Without this funding, resident doctors and fellows could not receive the training required to become practicing physicians.
“It is troubling that in the midst of the opioid epidemic and growing demand for treatment services, our country is facing a shortage of physicians trained in addiction medicine, addiction psychiatry, or pain management. In Maine, there is only one addiction medicine program. Our bipartisan bill would help increase the number of these providers by expanding and creating new residency programs in Maine and across the country, helping the millions of Americans who are struggling with substance use disorders achieve recovery and healing.”
Shortage of Addiction Specialists: Lack of Training Programs
Unfortunately, there is a massive shortage of addiction medicine fellowships across the country, mainly because funding is lacking to support these fellowship programs, and the demand is not there.
Medical students are not seeking out these fellowships for many reasons, including low pay, the stigma associated with addiction, and the lack of knowledge about this field of medicine.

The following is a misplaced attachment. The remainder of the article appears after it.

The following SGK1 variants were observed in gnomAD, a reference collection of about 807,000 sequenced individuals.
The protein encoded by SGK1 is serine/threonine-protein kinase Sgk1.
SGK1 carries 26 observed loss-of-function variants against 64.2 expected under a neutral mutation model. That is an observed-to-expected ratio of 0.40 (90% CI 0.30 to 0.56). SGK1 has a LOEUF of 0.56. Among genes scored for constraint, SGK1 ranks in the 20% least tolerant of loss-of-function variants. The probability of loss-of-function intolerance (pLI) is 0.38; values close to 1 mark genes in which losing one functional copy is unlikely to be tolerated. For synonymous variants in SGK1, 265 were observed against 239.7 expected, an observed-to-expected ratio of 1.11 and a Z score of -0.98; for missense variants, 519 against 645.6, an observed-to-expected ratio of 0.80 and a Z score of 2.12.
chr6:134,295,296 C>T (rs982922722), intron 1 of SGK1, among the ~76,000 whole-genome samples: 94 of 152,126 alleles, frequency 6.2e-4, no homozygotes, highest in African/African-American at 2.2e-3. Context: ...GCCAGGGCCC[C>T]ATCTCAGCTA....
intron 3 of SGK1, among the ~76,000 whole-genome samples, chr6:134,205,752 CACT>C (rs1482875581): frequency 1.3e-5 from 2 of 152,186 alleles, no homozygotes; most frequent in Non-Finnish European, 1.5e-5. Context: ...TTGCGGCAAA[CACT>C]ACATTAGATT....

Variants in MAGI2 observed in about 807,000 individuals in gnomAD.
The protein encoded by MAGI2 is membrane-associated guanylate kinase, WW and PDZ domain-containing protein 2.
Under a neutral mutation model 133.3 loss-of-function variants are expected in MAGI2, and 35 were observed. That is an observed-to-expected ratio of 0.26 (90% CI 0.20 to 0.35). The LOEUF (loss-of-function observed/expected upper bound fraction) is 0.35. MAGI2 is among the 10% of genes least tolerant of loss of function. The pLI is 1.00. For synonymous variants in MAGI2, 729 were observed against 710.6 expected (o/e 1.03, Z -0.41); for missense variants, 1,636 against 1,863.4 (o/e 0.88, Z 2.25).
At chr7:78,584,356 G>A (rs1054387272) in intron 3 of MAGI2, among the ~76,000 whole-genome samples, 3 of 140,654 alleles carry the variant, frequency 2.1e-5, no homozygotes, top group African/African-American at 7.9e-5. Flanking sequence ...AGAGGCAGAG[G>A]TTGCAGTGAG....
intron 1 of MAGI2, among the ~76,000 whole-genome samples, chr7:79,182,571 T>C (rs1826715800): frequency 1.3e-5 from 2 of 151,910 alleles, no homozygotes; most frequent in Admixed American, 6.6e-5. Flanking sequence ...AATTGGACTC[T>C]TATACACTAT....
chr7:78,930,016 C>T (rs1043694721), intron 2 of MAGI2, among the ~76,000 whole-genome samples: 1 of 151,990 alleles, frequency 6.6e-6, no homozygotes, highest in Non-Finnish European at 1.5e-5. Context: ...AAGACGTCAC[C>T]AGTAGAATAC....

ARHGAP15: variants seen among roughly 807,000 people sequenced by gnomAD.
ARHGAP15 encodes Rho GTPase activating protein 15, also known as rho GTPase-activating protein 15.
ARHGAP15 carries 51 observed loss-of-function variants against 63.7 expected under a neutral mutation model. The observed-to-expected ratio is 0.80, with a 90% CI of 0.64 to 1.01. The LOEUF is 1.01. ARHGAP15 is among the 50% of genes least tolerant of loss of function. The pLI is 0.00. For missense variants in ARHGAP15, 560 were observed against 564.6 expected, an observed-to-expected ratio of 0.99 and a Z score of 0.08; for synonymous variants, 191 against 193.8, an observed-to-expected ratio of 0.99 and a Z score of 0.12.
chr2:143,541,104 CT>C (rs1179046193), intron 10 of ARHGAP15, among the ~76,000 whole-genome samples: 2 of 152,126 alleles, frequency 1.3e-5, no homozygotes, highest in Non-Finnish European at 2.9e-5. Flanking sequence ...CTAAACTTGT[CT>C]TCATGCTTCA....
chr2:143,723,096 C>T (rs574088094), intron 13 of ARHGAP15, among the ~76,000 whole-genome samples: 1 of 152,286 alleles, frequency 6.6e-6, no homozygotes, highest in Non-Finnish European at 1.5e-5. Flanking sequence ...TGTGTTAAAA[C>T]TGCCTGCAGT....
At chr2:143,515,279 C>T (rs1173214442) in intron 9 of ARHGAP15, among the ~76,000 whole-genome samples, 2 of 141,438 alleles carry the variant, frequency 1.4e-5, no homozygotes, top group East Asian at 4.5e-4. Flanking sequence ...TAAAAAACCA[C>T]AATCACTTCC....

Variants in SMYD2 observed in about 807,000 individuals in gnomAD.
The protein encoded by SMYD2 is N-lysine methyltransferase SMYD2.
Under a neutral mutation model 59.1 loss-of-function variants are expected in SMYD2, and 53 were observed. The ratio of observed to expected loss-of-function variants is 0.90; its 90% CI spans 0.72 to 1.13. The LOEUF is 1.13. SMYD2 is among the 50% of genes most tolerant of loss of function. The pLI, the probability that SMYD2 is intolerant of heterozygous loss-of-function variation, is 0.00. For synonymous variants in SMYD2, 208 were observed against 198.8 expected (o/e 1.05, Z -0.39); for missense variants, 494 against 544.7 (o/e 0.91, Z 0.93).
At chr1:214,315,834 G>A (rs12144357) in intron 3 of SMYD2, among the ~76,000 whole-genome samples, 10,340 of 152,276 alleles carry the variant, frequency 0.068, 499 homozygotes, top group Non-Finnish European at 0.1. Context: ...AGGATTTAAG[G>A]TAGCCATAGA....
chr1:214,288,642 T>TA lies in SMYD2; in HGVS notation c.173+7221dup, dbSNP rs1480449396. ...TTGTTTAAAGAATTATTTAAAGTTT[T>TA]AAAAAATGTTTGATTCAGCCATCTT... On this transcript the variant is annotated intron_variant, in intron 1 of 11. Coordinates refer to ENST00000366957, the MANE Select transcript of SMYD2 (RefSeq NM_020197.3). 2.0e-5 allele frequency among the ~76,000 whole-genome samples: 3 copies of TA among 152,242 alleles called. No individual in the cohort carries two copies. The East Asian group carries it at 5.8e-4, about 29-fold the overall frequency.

Historically, the path to addiction medicine was through psychiatry, meaning that if an individual must complete a psychiatry residency in order to practice in addiction medicine or any form of mental health treatment.
In 2015, this began to shift when the American Board of Medical Specialties recognized addiction medicine as a legitimate subspecialty and opened up the training to physicians from many other medical fields.
Individuals who completed their residencies in family medicine and internal medicine now had the option to enter into an addiction medicine fellowship.
Not every doctor who plans to treat substance-use disorders needs to do a fellowship. Addiction medicine can be integrated into primary care settings.
For example, primary care physicians can learn from addiction medicine specialists on how to provide medication-assisted treatment such as buprenorphine.
Community doctors can reach out to addiction specialists for help and resources.
Another reason why medical students are not flocking into addiction medicine subspecialties is due to the lack of information and ongoing stigma regarding addiction.